The BBC has made all the episode of several of its comedy series available via BBC iPlayer. Viewers can enjoy The League Of Gentlemen, Extras, Miranda, Citizen Khan[/z] and Two Pints Of Lager in full.British Comedy Guide, 8th June 2018
Back in 2016, Labour MP Rupa Huq made headlines for her repeated critique of BBC sitcom Citizen Khan, which she deemed 'Islamophobic'.
Huq first raised the issue in a House of Commons debate on TV diversity before later developing her views in a Guardian opinion piece, in which she criticised the show's "cardboard cutout" characters and even went so far as to describe it as "stomach-churningly, buttock-clenchingly dire."
The MP then states that the sitcom pales in comparison to other depictions of Muslims on-screen, such as the "pioneering" Goodness Gracious Me and the "far more sophisticated" comedy Four Lionsp, and bookends her argument by claiming:
"We live in an age of rocketing post-Brexit hate crime with a US president elected on a pledge to ban Muslims. In this climate, Citizen Khan does us no favours at all."
Show creator Adil Ray has defended the comedy, which has attracted hundreds of official complaints over the last few years, by stating that it was never his intention to represent all Muslims; instead, he said it was based on one family and informed by his own experiences as well as those of his co-writers.
In a 2013 interview, he claimed his intentions were always to create a show with a message which was universal.
"Yes, [Citizen Khan] is about a Pakistani Muslim family, but what I really want is a white English lady to be watching it and nudge her husband and say, 'That's like you, Mr. Khan is just like you.' That - and the idea that children love the show - means more to me than anything any reviewer could ever say."Jake Hall, The Independent, 12th May 2018
The problem, however, is bigger than just one show. For the abject and high-profile failure of The Nightly Show raises a disturbing question. What has happened to British comedy? The sheer unfunniness of much of it is beyond depressing.Christopher Hart, Daily Mail, 18th March 2017
There's little doubt Adil Ray's sitcom is culturally important. But even the mayor of London can't rescue its comedy from wooden puns and 70s sex gags.Sam Wollaston, The Guardian, 5th November 2016
I despise this sitcom. I cannot understand its appeal. It is excruciating and yet the BBC insists on repeatedly giving it new series. Here it is again on what is, inexplicably, its fifth outing. How can this be?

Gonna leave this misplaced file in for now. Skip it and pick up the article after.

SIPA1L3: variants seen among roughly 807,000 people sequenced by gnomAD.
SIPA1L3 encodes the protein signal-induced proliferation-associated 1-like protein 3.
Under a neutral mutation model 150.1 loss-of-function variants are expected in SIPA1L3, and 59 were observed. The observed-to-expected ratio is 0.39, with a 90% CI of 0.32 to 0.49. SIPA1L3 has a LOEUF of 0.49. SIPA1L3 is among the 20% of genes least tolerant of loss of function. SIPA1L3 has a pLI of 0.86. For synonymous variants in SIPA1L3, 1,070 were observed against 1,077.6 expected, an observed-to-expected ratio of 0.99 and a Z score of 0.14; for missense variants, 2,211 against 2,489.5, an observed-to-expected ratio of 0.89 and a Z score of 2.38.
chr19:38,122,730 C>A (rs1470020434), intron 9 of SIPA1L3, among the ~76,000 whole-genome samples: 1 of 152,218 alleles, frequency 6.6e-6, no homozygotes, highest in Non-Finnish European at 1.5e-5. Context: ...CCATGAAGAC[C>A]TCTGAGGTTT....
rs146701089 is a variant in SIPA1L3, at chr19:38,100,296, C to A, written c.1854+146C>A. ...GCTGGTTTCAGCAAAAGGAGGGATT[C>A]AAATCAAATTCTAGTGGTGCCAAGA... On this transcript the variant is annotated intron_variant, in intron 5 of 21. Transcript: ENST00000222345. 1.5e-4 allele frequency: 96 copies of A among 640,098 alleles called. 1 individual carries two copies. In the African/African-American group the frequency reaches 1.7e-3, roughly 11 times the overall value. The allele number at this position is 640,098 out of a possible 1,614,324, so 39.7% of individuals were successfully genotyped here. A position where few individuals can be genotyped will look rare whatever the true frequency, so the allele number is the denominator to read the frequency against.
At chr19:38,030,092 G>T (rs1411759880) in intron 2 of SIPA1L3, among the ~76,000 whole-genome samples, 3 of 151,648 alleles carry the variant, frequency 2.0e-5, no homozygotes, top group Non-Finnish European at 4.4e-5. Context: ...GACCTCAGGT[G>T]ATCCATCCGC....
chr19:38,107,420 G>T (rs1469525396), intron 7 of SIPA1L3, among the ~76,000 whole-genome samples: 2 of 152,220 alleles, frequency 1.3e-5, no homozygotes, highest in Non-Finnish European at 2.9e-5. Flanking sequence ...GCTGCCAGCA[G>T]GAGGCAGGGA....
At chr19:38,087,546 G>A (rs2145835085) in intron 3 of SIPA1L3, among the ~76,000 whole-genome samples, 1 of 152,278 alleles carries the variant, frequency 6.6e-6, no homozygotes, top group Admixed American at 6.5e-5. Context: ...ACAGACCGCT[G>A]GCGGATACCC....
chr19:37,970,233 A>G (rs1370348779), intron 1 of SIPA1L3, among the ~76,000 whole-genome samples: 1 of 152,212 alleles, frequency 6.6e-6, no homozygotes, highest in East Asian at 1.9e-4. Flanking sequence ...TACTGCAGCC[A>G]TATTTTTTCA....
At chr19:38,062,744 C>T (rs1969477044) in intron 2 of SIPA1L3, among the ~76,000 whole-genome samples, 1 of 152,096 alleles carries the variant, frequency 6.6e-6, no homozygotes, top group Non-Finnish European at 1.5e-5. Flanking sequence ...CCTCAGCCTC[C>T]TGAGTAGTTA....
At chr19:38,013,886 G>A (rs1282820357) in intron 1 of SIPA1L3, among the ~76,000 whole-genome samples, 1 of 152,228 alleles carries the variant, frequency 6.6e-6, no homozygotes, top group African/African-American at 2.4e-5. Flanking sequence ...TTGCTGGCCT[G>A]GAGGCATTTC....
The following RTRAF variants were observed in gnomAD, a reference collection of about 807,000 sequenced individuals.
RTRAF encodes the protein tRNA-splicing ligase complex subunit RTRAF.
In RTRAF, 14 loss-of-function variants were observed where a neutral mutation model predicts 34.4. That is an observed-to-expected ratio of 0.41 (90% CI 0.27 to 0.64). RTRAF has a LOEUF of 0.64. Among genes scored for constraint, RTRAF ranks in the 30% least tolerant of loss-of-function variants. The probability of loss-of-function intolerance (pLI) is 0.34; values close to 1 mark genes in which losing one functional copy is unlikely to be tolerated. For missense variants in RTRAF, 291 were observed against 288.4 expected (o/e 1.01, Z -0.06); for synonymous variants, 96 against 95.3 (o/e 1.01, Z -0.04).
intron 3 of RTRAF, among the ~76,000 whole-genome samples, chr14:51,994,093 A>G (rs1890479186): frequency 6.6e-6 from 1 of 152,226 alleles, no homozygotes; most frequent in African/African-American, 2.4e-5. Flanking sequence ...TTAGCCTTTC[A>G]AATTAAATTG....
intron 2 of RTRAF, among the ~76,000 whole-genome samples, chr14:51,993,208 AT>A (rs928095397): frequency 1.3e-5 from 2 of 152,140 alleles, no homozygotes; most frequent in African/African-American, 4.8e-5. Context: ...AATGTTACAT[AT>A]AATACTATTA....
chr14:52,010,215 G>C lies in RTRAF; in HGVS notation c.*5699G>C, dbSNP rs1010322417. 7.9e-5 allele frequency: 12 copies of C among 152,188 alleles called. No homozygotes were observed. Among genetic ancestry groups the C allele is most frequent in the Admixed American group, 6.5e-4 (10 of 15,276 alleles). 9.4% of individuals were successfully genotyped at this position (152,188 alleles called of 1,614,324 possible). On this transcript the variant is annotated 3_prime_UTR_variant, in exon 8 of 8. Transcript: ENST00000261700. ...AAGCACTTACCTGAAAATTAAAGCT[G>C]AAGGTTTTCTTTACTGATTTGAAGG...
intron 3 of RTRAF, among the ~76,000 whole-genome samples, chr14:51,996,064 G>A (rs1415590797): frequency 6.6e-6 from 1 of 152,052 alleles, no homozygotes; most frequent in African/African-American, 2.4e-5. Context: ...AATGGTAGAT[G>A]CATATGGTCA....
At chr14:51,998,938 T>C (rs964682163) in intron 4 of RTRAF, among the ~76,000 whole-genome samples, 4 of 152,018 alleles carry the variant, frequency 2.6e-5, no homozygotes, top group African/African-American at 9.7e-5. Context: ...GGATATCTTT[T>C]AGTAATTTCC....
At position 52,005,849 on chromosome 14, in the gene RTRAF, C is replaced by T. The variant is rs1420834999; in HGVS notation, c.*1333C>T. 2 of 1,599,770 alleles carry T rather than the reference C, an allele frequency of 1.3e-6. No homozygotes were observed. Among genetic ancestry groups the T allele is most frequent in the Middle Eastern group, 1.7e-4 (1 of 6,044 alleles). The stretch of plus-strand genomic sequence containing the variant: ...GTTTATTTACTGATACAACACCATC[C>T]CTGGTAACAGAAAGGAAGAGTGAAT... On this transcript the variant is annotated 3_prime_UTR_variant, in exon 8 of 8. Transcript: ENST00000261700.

I feel psychic when I'm watching Citizen Khan because the gags are so wildly obvious you can predict them. In those long, sagging minutes before the panto punchline is delivered you can see it coming, and you drum your fingers on the desk and you look at the clock and you bite your lip and then, boom-tish!, the wee joke is said and the thing creaks on to its next cartoonish scene.
In the series opener, Khan forgets his wedding anniversary so his wife makes him sleep in the car. And his boasts that he knows a famous cricketer gets him into trouble when he's asked to invite him to a community fundraiser. The London mayor, Sadiq Khan, guest stars, suggesting he has less decorum than his predecessor.Julie McDowall, The National, 4th November 2016
While there will forever be debate about the show's quality, for me the main problem caused by Citizen Khan is that the BBC deep down must think that they have done enough in terms of catering to BAME audiences with just one sitcom, in comparison to ITV2 who have been trying out new pilots all week. The BBC needs to be more adventurous and seek new talent.Ian Wolf, On The Box, 4th November 2016
A new series of the mirthless Citizen Khan lands with a thump. Mr Khan has been banished, made to sleep in his car after forgetting his own wedding anniversary. Resolving to make amends, he gets himself into a spot of bother at Edgbaston cricket ground. There are some impressive guest stars, mind you, including Test Match Special's Jonathan Agnew, former England cricket captain Michael Vaughan and the mayor of London himself, Sadiq Khan.Ben Arnold, The Guardian, 4th November 2016
Radio Times has launched a poll to name the best British TV sitcom broadcast since the year 2000. There are 40 shows in the shortlist.British Comedy Guide, 19th July 2016